What is Indian culture? In a Marathi television soap-opera that I happened to be watching the other day, one Brahmin character talks to another about the importance of sanskaar (culture, or values); one of the examples offered of this sanskaar is having a bai (domestic worker) to wash your clothes, instead of a washing machine. It was a surprisingly accurate presentation of the Brahmanical understanding of culture—everybody in their traditional (i.e caste-decided) and lowly-paid place.
I remembered this piece of Brahmanical wisdom in the recent uproar over the news that a gold medal for the best post-graduate student at Pune’s premier University, the Savitribai Phule Pune University, was reserved for vegetarian and teetotal students who followed Indian sanskriti (culture) and parampara (tradition). Students practising yoga, meditation, and pranayama were to be given further preference. In the wake of student protests and widespread condemnation, the University announced that it had suspended the award.
Attempting to deflect the criticism, the University clarified that the medal had been instituted not by them, but by a family endowment. It was this family which had set the eligibility criteria, not the University. Also, this was nothing new. The medal had been instituted, with these same criteria, in 2006, and was being awarded every year since then.
The University’s clarification is of course no clarification at all. Do they have no say over the gold medals handed out by them? Would they have accepted a gold medal instituted only for alcohol-drinkers? Not very likely! The University clearly accepted these criteria because it did not find them objectionable.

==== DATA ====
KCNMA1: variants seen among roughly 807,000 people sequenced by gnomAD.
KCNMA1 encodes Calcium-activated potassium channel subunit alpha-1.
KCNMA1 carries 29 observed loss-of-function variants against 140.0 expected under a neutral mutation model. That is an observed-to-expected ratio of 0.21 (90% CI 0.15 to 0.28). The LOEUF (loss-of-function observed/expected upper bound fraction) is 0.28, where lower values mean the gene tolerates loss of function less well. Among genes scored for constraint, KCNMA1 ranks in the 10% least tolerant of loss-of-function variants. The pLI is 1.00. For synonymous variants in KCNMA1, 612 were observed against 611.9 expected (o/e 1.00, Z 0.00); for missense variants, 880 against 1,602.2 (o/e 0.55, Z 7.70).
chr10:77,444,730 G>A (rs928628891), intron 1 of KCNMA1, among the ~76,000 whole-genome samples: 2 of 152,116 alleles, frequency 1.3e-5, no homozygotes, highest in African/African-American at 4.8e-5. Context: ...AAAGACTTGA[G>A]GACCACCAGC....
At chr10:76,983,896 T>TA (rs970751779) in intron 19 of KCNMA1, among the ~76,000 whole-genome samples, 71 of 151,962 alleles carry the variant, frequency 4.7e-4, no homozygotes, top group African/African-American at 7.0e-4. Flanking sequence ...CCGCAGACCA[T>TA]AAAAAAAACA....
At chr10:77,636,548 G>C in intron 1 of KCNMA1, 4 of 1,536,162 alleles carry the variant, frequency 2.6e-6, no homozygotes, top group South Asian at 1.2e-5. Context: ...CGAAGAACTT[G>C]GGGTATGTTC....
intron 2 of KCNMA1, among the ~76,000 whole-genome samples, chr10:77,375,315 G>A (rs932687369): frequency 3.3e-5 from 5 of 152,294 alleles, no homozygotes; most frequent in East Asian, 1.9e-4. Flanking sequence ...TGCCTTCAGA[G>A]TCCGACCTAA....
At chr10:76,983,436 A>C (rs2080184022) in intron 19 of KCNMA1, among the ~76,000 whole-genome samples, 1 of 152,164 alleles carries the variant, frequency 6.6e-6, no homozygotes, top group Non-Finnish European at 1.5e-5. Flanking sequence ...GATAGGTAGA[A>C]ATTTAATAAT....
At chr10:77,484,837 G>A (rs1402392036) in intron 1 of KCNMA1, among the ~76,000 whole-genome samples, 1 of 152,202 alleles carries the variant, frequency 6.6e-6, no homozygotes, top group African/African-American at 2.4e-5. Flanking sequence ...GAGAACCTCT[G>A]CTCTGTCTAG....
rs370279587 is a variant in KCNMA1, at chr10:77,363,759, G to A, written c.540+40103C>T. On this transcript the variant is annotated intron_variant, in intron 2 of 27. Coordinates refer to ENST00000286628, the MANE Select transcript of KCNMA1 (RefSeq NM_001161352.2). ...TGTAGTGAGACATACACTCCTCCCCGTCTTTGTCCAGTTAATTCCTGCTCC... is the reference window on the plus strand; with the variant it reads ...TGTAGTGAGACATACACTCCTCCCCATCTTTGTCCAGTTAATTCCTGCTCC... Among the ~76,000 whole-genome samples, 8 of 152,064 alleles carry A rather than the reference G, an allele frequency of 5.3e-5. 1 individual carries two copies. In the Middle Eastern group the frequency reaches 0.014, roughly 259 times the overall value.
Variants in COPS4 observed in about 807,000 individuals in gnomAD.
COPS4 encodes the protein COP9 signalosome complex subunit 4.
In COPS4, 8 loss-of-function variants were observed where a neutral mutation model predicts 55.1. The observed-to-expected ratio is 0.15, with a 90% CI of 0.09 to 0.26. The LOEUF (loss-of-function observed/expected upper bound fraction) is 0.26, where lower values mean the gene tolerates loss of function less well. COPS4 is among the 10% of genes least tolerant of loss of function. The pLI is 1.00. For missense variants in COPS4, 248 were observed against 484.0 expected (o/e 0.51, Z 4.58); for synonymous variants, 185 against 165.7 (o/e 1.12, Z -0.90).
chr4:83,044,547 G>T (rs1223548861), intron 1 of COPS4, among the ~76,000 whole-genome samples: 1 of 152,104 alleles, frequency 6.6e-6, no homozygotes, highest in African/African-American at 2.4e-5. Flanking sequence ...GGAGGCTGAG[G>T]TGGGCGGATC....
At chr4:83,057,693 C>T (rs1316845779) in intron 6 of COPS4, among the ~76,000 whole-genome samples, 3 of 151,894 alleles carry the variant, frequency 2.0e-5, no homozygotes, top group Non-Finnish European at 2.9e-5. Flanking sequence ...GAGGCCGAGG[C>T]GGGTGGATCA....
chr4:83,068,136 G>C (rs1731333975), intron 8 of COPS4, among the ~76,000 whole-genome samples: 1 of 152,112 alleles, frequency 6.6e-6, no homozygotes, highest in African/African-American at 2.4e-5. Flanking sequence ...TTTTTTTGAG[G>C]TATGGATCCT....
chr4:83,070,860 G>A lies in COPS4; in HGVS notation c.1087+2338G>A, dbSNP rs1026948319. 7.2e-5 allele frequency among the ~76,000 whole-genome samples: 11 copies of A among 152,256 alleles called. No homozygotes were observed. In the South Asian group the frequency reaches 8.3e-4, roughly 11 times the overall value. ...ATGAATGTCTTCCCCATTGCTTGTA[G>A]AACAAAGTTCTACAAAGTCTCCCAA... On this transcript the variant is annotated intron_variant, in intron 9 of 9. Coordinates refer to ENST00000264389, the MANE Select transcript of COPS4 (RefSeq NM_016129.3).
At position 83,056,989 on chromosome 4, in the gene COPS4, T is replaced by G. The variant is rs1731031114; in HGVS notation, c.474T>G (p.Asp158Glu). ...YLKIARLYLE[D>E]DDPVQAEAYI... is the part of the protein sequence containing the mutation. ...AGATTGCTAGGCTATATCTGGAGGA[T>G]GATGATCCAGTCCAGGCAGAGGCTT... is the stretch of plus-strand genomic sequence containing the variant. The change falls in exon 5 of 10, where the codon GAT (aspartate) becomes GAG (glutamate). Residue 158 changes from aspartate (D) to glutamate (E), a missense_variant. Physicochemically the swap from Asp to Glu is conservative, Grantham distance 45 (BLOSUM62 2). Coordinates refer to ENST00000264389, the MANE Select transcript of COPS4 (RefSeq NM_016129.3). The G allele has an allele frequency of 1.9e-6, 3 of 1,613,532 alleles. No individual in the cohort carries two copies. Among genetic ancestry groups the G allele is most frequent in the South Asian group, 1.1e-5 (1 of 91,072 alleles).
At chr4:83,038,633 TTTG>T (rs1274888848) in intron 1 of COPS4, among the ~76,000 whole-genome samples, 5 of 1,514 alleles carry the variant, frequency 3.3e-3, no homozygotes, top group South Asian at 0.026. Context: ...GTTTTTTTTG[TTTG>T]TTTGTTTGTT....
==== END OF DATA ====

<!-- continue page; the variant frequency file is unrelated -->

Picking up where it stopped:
It would be interesting to know, though, how the University has been determining the eligibility of candidates this past decade. Did it have a questionnaire? Did it cross-check the candidates’ claims? Did it search their homes and fridges for meat or fish or alcohol, interview their family/friends, gate-crash their meals?
Or did it simply go by their background? If one is bahujan, dalit, or tribal, one must be eating meat and fish. If one is Muslim, ditto. If one is Catholic, of course, and alcohol as well. The medal thus goes to the Brahmin-Bania communities, by default. And, given the fact that these communities dominate these institutions, their monopolisation of the medals would hardly be noticed.
This University incorporated the name of pioneer educationist and Bahujan activist Savitribai Phule in its own name last year, but obviously just for cosmetics. And there is really nothing shocking that an Indian University should uphold Brahmin-Bania culture as Indian culture, and worthy of medals. This is the general belief in the Indian establishment, not just today but from before 1947. Vegetarianism, yoga, and cow protection were propagated by Brahmins as pillars of both Hinduism and patriotism right from the 19th century (Freitag 1980, Tejani 2008). To be a patriotic Indian came to mean practising Brahmanical Hinduism.